Students Can't Afford to Lose Net Neutrality
As a library media specialist at a public high school in Chicago, I shuddered when the Federal Communications Commission voted 3-2 to end "net neutrality" last December. As a result of that decision, internet providers now have the ability to limit users’ access to certain sites. Some critics of the redaction are afraid it will impinge on the speed at which many people navigate the web, meaning those who pay more for services will have more (and faster) access.
Why should this matter to educators? In our current inequitable education system, students across the country may have different levels of access based on what their school or district can afford. I have worked in three public high schools in Chicago, all of which had varying degrees of technology available for students to use. At my current school, the number of functioning computers pales in comparison to the resources in well-to-do suburbs nearby. Although it’s true that many of my students don’t have a computer or device to take home, once students are online, internet access and content has been more or less equal—until now.
In mid-January, several groups filed lawsuits against the FCC in an attempt to restore net neutrality, with results pending. Dozens of Democratic senators are also working on restoration. It’s hard to predict exactly how the ruling could change our lives, but if internet providers begin selling internet packages and websites the same way cable TV companies do, students in wealthier districts will most likely have access to a wider array of content and tools to aid them in their learning at a faster speed than students in low-income districts. Future users of social media sites like Facebook and Twitter could have to pay in order to post or read information.
But what is equally troubling is the fact that such a system may have the power to limit students' voices.
The Threat to Inclusive Movements
In recent years, many of my lessons for students about the internet have had to do with flagging and understanding its bias. Trusting websites has become more difficult in the age of fake news, and I teach students to analyze their online sources for reputable information and biased opinions presented as truth. But I also teach them how the internet can be a catalyst for change and the spread of new ideas.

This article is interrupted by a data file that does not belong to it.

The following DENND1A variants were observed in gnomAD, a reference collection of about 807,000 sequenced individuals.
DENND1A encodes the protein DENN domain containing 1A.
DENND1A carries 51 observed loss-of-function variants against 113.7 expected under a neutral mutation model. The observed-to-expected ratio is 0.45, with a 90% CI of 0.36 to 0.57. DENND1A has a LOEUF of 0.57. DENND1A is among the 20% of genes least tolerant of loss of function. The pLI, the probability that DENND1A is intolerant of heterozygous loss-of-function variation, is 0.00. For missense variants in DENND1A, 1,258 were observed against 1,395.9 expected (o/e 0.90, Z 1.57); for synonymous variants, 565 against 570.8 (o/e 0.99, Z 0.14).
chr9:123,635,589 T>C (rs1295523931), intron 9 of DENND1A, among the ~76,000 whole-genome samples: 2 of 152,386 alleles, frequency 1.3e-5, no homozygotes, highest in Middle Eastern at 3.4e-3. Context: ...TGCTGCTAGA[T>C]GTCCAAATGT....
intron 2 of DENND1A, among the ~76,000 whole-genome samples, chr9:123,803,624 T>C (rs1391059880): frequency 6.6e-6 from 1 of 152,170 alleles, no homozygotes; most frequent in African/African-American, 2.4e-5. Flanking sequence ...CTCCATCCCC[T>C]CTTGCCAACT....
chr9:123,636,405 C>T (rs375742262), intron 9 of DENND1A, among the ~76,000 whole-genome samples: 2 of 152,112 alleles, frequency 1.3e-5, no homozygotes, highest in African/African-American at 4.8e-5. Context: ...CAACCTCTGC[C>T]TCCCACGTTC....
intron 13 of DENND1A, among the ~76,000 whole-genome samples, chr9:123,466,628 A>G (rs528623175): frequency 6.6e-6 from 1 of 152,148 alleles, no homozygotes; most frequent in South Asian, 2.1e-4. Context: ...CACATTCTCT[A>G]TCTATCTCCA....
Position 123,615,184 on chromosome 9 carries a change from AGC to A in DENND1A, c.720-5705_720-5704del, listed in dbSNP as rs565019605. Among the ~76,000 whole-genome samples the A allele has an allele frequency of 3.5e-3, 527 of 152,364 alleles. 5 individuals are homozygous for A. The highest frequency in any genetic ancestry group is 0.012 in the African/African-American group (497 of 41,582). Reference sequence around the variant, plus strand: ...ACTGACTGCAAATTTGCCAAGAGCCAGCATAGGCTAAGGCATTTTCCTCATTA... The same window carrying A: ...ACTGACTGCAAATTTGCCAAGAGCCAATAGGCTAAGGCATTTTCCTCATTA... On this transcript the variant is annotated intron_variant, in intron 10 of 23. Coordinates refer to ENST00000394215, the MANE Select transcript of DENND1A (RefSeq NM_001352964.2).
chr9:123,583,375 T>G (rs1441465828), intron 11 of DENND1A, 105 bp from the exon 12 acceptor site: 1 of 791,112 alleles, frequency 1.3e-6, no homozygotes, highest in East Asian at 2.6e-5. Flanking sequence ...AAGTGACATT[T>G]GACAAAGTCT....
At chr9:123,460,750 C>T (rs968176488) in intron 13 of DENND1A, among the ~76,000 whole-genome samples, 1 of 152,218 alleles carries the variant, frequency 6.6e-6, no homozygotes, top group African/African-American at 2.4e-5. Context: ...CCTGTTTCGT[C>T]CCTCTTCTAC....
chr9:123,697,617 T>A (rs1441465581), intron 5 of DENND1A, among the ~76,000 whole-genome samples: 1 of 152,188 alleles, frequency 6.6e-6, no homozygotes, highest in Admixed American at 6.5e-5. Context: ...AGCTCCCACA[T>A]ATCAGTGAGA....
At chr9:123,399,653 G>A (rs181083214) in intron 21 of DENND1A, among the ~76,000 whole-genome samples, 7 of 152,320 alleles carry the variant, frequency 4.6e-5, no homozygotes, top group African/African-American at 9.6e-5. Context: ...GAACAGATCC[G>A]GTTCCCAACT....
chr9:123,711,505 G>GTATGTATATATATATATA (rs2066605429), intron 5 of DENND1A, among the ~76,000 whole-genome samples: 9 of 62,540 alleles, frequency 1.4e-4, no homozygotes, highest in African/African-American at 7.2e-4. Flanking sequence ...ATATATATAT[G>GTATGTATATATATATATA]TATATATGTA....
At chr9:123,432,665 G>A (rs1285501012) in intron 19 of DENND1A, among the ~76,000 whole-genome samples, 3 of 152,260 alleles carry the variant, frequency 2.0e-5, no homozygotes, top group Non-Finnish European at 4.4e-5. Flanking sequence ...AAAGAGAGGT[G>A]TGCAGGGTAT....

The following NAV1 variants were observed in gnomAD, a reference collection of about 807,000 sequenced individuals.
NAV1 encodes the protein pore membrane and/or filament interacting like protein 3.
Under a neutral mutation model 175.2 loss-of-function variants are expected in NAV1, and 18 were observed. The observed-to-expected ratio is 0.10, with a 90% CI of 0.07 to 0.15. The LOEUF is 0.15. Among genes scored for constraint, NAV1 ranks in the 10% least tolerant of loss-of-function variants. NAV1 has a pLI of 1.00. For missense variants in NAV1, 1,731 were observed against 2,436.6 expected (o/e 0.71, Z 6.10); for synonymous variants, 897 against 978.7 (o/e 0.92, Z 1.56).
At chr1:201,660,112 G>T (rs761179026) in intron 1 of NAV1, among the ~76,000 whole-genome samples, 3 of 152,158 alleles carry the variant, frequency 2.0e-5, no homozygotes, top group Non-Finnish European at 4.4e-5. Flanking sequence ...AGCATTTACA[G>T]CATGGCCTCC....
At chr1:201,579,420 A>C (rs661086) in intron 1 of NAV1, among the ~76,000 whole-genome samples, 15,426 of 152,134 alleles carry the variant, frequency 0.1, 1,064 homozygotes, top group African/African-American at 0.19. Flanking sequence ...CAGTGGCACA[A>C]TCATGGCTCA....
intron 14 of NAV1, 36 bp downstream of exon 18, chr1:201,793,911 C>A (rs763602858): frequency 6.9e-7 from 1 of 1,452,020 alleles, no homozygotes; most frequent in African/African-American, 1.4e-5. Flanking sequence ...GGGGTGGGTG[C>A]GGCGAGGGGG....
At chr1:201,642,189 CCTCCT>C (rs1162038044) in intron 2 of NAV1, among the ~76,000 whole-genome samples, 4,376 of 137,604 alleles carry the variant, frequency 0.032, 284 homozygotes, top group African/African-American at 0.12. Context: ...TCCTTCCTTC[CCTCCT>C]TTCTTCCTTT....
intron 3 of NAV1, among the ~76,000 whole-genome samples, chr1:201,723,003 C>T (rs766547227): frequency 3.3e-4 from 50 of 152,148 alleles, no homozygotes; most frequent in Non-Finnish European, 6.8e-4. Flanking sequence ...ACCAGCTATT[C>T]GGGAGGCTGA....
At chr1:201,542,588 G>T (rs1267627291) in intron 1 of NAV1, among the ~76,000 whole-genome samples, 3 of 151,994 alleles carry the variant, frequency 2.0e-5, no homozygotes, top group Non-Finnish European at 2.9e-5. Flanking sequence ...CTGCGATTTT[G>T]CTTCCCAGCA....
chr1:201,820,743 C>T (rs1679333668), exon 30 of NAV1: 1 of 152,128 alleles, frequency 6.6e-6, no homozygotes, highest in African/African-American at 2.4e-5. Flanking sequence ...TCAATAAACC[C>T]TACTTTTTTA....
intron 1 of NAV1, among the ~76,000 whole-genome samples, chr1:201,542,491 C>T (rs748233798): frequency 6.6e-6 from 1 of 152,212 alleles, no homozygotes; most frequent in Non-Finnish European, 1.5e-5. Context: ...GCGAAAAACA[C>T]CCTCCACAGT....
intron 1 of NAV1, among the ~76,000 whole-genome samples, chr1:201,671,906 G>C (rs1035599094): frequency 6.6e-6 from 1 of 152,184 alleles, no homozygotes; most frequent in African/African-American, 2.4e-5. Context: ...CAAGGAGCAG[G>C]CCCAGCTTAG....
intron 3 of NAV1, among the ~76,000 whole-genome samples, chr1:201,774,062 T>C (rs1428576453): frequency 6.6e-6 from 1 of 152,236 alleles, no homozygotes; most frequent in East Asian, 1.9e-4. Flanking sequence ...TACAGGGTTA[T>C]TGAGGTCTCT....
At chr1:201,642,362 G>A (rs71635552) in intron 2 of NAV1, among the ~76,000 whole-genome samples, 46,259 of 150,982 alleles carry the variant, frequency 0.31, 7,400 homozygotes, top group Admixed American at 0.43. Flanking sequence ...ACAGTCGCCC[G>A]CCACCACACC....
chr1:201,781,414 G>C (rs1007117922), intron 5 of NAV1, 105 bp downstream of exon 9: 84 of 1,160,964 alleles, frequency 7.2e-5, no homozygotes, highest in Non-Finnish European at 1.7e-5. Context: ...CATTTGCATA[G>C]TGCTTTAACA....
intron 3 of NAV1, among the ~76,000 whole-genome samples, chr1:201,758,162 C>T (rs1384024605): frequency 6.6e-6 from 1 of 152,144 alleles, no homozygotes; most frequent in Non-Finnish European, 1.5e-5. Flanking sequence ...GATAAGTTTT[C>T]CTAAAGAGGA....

The #MeToo movement, which has fostered awareness about the prevalence of sexual assault, is one example. The movement's roots go back more than a decade, when a woman named Tarana Burke started a MySpace page to support women and girls of color who were victims of sexual assault. When the actress Alyssa Milano popularized the movement on Twitter by turning it into a hashtag, more than 4.7 million people engaged in a #MeToo conversation within the first 24 hours of Milano's tweet. How would this have played out if MySpace or Twitter charged for access—or only allowed content to be created and viewed by certain people?
Similarly, in 2013, the Black Lives Matter movement began on Facebook. Activist Alicia Garza included the words in a post responding to the acquittal of George Zimmerman, a neighborhood-watch volunteer who shot and killed Trayvon Martin, an unarmed black teenager. The event reignited national debates about race and civil rights, and by 2016, the hashtag had been tweeted 30 million times.
At my high school, where 95 percent of students are minorities, many of our students have gained solace in these movements and contributed their own thoughts online. Students often wear Black Lives Matter apparel to school and have participated in protests. They’ve also begun to have conversations about sexual assault and harassment, echoing voices from the #MeToo movement.
Students are learning from adults—and from the web—how to organize using online resources and make their voices heard. With access to a free and fair internet, they can easily become part of a movement, or even create their own, at a young age.
But what would the reach of these movements have been if there were limitations on the access to, and the creation of, their content? What will happen to future students who want to use these platforms to create movements for change and social justice causes?
Making All Voices Heard
As the issue to restore net neutrality moves to the courts and the Senate, I have hope that lawmakers will reverse the decision. In the Senate, there is a reversal bill with bipartisan support very close to reaching the floor for a vote. Only a few more senators need to sign on to make it happen.
In a recent nationwide poll conducted by the University of Maryland, 75 percent of Republicans, 89 percent of Democrats, and 86 percent of independents stated that they were in favor of net neutrality. We as educators should seize this moment to advocate fair access for our students by writing letters and calling senators and representatives.
The concerns of individual consumers have been put at the forefront of the debate. But teachers, who are preparing the adults of tomorrow, should have more say. Our students also deserve a voice in this conversation, and it shouldn’t have to come from a hashtag. Future generations deserve equal access to platforms that amplify all voices, not just those who can afford to pay the most.